Rapid appraisal of policies &institutional frameworks for agricultural water management

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EXECUTIVE SUMMARY The purpose of the country study was to investigate how policies or institutional frameworks affected or would have affected agricultural water management (AWM) programmes or projects between 1985 and 2005. The study was designed with five outputs, namely to: i) articulate key policies that had or would have had impact on AWM over different periods between 1985 and 2005,;ii) articulate key institutional frameworks (legal, regulatory and organizational) that had or would have had impact on AWM over different policy periods between 1985 and 2005; iii) determine quantitatively and/or qualitatively, the impact of policies and institutional frameworks on the access of smallholders to agricultural water, and performance and outcomes of relevant AWM programmes or projects; iv) assess the necessary and optimal stakeholder participation in AWM policy formulation process; and v) document the process of analysis of the policy and institutional framework for AWM. The methodology for carrying out the study involved identification of policies, institutional frameworks and AWM programmes and projects operated between 1985 and 2005. This process was followed by collection of relevant documents relating to the same from concerned programmes, projects, offices, line ministries, the Internet, and conducting limited interviews. Through desk review of documents of several policies, institutional frameworks, programmes and projects, relevant information was extracted. The study found several issues regarding policies and institutional frameworks that had impact on programme and project performance and impact and are explained below. • Policies recognized the importance of agricultural water in increasing agricultural productivity; however, in the past policies (1985 – 1996), agricultural water was envisioned from the perspective of large scale irrigation. Most of the programmes/projects on AWM analyzed in this study lacked the components of rainwater harvesting (RWH). Recently, other components of AWM particularly RWH, which has a strong bearing on smallholder farmers for crop and livestock production, have been recognized in the policy arena. • The issue of linkage to markets, as a policy issue, was not considered in the design of AWM projects, especially those undertaken in the first policy period (1985-1996/97). Such supply biased AWM efforts did not assure farmers of meaningful returns from their investments (labour, land and water). Disconnection to profitable markets undermined farmers’ participation. Even where productivity was improved it was not sustained after the project. This is because of lack of a demand-pull effect that would have assured farmers profitable returns to investment. • The implication of institutional frameworks on AWM is far-reaching. The effects of some regulations might seem to be distant to issues of AWM, but this study has proved otherwise. For instance, the public procurement procedures proved to be the critical problem which affected AWM programmes and projects. Bureaucratic procedures embedded in the public procurement processes with aspects of tendering and contracting, caused serious delays in project implementation. • Furthermore, where the Government, which is the institution managing the procurement, had a share to contribute in the project budget, the disbursement of the funds was not timely and always less than the promised amount. • Most documents of programmes and projects on AWM claimed to have improved access of poor rural people to improved water management. For example, the smallholder development project for marginal areas in Chikuyu irrigation scheme realized yield increment from 1.2 tons/ha before project intervention to 4.0 tons/ha after the project. Interventions of the Traditional Irrigation and Environmental Organization have influenced the willingness of individual farmers to invest in AWM. • Though programmes and projects registered positive impact on poor rural people, participation by farmers in programmes and projects has remained a problem even though the policies and institutional frameworks urge for local participation. Farmers are engaged at some point in the course of the project and are always left out during design, or their views are overruled by the technocrats. For example, in the Usangu Village Irrigation Project, farmers were engaged at the implementation stage during construction of an intake. Although the project started with prior discussion with leaders, the leaders did not convey the message to farmers. iii IMAWESA Policy Study for Tanzania • Stakeholders’ participation has been the strong component in the process of formulation of policies used by this study to draw lessons. Stakeholders were involved from different domains, ranging from technocrats, donors, private sector, public sector, farmers and the general public. From the general public, special groups such as persons with disabilities, persons living with HIV/AIDS, widows, youth and women were involved in the national wide consultation process. Based on the findings, the following policy-relevant recommendations are made: • To fast-track significant and rapid growth in the agriculture sector which is required in poverty reduction, AWM interventions should, apart from conventional irrigation, embark on other components of agricultural water such as RWH and water innovations in rainfed systems. • The paradigm of ‘local participation’ has to be reexamined. A mere presence of farmers in the dialogues that overrule their opinions is not what is meant by participation. Participation of farmers at certain stages especially during implementation as opposed to planning is not participation. The PADEP approach has to be adapted in the future AWM programmes. Smallholder farmers have to identify sub projects and be facilitated to put down proposals and action plans. • Reforms are needed in the regulatory frameworks such as public procurement procedures to make them less bureaucratic. The tendering, contracting and pre-qualification requirements are lengthy and highly procedural. One body can be formed in the agricultural ministry to deal with agriculture-related procurements, as agriculture projects are sensitive to time. • Participation of stakeholders in policy formulation process is vital in determining how the policies will be actualized. Although a good mix of stakeholders was involved in the policy formulation process, the participatory structures were formed on ad hoc basis. We recommend that a standard way of obtaining the mix and contributions be developed that can be adapted in the formulation of different policies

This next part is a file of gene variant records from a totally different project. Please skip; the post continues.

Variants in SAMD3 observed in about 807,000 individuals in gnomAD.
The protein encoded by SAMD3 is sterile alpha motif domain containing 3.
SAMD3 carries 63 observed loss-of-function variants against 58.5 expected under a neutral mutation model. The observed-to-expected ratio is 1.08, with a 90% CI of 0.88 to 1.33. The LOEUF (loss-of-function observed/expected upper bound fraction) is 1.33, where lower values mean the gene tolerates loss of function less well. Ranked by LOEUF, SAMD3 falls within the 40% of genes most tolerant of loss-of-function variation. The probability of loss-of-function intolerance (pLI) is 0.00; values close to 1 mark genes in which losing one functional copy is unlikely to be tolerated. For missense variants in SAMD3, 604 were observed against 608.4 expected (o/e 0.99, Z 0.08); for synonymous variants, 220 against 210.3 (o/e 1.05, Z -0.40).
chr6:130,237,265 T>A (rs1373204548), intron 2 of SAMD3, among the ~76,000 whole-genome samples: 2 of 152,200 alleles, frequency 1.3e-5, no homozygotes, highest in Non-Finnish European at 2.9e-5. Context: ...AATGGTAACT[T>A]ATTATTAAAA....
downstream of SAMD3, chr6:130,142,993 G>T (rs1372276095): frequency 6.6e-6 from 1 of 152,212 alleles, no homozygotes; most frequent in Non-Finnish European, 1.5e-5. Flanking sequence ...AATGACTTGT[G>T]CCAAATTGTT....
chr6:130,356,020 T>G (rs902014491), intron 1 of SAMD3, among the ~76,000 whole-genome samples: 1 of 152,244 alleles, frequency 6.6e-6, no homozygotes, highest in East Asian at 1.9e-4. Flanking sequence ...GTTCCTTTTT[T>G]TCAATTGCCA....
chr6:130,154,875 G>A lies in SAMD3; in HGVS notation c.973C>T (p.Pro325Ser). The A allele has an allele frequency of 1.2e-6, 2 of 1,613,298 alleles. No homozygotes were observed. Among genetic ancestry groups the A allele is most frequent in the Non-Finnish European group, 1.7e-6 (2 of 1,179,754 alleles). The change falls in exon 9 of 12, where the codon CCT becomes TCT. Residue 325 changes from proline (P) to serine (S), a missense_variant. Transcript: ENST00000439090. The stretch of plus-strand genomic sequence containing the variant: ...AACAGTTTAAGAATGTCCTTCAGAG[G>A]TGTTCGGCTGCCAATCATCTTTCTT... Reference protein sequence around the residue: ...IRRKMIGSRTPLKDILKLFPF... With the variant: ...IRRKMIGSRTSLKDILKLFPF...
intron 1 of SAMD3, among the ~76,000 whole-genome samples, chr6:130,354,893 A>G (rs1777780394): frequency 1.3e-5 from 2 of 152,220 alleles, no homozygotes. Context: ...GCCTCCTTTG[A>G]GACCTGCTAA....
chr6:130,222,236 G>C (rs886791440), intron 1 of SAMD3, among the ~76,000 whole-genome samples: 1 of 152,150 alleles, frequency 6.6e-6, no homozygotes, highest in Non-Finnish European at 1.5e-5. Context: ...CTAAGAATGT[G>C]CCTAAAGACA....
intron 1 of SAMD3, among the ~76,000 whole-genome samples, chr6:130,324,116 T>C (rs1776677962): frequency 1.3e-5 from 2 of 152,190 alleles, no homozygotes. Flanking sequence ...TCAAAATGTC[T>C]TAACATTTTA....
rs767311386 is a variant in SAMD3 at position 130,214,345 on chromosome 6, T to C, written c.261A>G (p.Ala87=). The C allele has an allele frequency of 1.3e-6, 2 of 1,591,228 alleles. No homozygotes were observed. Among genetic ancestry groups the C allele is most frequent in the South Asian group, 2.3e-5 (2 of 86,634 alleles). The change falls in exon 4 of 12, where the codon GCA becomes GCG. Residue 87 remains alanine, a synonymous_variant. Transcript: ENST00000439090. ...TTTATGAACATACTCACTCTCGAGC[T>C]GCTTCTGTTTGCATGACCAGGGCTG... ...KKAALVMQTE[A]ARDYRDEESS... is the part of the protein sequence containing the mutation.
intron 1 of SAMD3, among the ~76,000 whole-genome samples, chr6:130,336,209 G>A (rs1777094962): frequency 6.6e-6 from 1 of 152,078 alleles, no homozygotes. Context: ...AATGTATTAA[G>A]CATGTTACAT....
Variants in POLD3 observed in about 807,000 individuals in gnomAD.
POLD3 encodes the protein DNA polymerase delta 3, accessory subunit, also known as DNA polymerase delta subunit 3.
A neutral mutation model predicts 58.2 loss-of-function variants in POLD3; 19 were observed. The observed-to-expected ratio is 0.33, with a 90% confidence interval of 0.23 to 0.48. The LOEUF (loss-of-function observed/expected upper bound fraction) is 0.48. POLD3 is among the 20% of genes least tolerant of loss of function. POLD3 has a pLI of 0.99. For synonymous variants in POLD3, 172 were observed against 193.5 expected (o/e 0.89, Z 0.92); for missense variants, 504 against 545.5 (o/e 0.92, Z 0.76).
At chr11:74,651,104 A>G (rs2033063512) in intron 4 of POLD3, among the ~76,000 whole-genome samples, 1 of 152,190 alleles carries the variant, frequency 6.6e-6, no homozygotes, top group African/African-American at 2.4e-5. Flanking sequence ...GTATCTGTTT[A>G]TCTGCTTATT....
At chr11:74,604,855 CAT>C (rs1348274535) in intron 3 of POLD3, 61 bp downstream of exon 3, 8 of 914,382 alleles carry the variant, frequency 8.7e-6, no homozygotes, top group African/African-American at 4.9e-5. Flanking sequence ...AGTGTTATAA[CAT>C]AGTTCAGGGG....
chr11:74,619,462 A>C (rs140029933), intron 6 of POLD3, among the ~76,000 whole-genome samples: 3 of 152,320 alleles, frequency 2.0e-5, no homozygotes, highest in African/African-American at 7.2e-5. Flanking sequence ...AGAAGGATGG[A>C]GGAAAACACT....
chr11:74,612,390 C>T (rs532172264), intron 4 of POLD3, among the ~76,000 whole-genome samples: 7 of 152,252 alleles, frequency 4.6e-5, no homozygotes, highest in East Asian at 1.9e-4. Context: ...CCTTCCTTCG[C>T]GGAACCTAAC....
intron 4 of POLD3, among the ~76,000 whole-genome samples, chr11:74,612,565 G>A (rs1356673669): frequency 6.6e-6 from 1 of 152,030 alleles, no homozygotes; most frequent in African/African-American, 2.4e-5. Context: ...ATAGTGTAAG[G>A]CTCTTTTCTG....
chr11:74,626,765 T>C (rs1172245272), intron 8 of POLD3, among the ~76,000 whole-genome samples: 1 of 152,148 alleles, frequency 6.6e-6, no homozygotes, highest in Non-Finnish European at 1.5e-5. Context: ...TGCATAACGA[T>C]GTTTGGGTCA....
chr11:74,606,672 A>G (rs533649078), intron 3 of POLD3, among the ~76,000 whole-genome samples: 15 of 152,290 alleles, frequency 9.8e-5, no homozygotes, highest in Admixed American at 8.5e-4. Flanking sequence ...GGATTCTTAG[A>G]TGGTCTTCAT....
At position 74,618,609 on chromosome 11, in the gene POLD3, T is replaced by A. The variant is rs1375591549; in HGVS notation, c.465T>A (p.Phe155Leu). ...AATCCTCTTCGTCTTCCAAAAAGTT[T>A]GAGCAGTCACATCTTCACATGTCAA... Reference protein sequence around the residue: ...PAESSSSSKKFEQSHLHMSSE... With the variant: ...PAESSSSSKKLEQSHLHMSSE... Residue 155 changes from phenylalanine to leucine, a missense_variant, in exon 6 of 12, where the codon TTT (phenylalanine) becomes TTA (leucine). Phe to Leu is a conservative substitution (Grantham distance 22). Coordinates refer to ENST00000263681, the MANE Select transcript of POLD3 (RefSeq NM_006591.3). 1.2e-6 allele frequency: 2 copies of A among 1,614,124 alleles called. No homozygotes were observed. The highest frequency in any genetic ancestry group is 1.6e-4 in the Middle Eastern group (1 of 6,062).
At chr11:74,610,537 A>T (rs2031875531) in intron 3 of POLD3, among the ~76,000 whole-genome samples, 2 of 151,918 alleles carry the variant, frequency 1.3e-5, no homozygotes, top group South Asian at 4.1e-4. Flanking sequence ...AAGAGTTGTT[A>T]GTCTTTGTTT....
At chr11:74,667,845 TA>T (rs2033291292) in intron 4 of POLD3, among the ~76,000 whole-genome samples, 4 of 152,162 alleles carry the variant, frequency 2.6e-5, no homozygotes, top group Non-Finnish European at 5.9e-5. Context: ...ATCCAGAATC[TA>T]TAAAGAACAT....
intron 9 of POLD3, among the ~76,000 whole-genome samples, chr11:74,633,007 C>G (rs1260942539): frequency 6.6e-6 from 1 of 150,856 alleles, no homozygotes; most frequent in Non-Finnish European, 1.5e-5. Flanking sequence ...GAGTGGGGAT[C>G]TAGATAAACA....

Improved management, Agricultural water, Southern Africa